Time Management

by Jay on April 8, 2011

It was three weeks ago yesterday that I quit my job and started running my own business full-time.

I have been busier than ever since that day. I have been swamped with the daily tasks of my business, sourcing books and listing them on Amazon. Thankfully, I can say that the past 30 days have been the best period for sales on Amazon that I have ever had. I hope this keeps up! But I have also had to take care of dozens of other random tasks – 401k rollovers, health insurance, contracts, each one of them requiring a certain amount of focus. And then there are new business ideas to check out, new software to learn, research to be done, sources to explore. I’m not complaining – I find this all so much more rewarding than my cubicle job ever was– but I find that I don’t have much time left over for me and my own interests.

I used to be very good at managing my time, but working for so long at a cubicle job has dulled my edge. Over the years, I have become accustomed to days filled with meetings and deadlines imposed upon me by bosses, co-workers and clients, interspersed with a continuous string of technology emergencies to triage and resolve.

Now that I am self-employed, I prioritize my own days, and I am not satisfied with the results. I wake up around 7:30am with my partner M. (I really have to come up with a better pseudonym than “M.” for him – note to self in Microsoft Outlook: come up with pseudonym for my partner), make breakfast and coffee. M. is out the door by 8am. I give myself another 10 minutes to sip my coffee and savor the fact that I don’t have to put a suit on, drag myself to the subway, cram myself in and then show up at the office. By 8:15am or so I am in front of the computer , responding to customers, paying bills, figuring out how to roll over my 401k, and taking care of everything else that needs to be done.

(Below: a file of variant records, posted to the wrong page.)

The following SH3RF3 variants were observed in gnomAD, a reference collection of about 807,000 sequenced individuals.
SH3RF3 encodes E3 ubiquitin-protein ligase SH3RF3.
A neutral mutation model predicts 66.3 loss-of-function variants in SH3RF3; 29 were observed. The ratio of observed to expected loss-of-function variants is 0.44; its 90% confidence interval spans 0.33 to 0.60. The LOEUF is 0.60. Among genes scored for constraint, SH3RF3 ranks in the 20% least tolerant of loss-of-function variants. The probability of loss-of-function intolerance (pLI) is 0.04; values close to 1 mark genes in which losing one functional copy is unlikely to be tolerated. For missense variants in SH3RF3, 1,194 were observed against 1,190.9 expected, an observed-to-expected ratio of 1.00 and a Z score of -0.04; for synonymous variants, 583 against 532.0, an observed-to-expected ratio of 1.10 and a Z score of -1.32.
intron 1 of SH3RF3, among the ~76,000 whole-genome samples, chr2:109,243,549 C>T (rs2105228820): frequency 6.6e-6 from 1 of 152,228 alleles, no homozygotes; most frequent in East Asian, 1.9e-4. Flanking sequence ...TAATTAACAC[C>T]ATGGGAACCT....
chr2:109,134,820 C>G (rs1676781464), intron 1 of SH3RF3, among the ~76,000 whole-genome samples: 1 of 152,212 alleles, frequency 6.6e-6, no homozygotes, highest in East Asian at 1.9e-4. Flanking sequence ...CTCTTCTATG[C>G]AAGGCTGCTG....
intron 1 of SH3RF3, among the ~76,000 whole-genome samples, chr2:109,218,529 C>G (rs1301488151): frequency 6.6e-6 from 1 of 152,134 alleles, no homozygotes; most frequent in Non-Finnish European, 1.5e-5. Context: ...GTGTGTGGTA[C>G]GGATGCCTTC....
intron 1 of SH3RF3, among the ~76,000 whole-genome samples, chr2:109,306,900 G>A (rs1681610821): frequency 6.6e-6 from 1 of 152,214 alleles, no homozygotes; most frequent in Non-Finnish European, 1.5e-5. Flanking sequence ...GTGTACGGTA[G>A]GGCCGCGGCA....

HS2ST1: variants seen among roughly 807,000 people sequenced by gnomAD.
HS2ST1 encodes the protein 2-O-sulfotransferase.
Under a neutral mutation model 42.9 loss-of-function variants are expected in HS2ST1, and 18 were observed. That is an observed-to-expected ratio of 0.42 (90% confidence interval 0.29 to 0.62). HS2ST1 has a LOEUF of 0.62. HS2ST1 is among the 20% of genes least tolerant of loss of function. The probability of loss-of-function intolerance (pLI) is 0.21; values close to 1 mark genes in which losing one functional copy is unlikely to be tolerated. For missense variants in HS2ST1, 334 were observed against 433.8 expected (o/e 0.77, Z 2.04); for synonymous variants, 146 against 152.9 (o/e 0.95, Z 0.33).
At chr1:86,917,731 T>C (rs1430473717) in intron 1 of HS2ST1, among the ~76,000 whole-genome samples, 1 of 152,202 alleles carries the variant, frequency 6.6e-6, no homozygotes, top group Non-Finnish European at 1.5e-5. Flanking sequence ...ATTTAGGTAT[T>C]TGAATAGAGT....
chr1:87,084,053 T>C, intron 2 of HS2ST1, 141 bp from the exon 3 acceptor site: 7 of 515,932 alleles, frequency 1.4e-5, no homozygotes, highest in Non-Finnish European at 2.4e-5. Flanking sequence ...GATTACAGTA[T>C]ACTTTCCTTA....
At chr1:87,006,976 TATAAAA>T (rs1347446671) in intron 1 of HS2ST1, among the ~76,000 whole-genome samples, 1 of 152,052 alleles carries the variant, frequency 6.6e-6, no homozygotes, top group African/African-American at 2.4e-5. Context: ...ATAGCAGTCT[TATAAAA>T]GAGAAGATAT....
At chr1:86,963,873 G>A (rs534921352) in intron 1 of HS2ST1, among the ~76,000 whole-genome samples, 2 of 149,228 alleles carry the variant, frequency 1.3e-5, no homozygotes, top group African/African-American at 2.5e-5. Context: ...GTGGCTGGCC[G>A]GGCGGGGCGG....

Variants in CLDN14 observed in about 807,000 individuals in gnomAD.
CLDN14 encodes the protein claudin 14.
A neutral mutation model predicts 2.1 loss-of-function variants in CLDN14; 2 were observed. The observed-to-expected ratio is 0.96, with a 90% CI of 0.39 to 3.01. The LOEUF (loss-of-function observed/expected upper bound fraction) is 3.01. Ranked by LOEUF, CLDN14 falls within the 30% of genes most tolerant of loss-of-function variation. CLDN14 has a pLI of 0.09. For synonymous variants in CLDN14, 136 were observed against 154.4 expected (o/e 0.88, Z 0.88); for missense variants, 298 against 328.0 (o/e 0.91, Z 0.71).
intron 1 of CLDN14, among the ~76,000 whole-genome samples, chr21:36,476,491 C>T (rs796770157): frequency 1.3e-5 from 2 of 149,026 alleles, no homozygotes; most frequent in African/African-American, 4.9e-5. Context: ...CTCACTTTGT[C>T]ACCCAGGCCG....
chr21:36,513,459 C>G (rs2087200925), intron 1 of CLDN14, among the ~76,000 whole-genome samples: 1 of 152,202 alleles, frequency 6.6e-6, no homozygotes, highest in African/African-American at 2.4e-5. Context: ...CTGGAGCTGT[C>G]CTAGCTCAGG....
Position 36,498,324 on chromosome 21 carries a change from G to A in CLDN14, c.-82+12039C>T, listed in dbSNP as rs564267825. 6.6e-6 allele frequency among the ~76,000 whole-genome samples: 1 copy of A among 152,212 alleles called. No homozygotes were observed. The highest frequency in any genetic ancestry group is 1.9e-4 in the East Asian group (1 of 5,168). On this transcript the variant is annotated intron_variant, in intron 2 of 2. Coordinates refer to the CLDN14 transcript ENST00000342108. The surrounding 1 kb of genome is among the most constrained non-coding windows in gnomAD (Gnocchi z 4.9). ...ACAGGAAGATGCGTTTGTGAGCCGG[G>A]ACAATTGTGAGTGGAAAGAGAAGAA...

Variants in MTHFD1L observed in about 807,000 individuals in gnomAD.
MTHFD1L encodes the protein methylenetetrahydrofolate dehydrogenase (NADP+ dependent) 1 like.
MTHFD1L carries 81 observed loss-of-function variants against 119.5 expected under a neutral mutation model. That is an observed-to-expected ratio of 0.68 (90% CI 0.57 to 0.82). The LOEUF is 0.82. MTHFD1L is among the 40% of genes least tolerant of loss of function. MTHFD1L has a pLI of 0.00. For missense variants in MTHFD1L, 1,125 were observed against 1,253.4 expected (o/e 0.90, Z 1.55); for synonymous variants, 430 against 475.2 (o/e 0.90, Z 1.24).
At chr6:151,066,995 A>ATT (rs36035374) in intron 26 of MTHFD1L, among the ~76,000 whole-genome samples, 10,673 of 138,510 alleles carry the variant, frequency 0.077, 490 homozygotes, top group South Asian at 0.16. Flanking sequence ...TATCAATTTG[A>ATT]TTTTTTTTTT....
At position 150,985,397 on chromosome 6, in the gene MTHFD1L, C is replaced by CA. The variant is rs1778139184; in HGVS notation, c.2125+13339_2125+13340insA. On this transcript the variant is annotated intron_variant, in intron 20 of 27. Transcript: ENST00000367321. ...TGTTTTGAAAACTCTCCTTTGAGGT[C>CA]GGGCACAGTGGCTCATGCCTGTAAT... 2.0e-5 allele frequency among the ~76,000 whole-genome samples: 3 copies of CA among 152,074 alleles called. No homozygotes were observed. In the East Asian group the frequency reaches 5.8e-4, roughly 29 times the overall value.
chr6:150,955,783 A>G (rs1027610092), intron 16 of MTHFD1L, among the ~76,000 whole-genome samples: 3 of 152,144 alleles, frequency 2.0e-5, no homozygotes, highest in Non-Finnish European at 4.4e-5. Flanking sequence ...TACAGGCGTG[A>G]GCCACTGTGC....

And there I sit working until about noon. It’s like four hours vanish – poof! — just like that. And I never feel that I am done – in fact, I never feel like I’ve even made much of a dent in the work pile.

I usually fix lunch around noon, and then spend the afternoon riding around the city, hitting up my book sources for inventory. By 7pm I am lugging home a big horde of books. From 8-10pm I am listing them, and getting the days orders ready for shipment the next day. Then I have an hour or two to watch TV/spend time with M. By midnight I collapse into bed.

I think a lot of my current time management issues are simply due to the fact that so many of the things I am encountering are new to me. I just bought a new laptop and am still getting used to it. I managed to get a copy of Office 2010 for my computer at a very good corporate discount before leaving my last job. Now that I’ve installed it I find its functionality completely mystifying. There are no menus, only an icon ribbon for each application that goes across the top of the screen. Word and Excel are no longer like old friends; using them has become an obstacle course. I bought a new web designing program called XSite Pro. It makes web design incredibly simple, but I now need to learn allkinds of new concepts.

Soon enough all of these things will become second nature and life will be simple again – but for now I will have to put a lot of effort into learning new tools and new ways of thinking.

{ 1 comment… read it below or add one }

Paul April 8, 2011 at 9:13 pm

I like “M”… (a famous James Bond character)…. leave it as “M”.
Office 2010… yes, it’s all there, but I’m constantly asking coworkers… where is________

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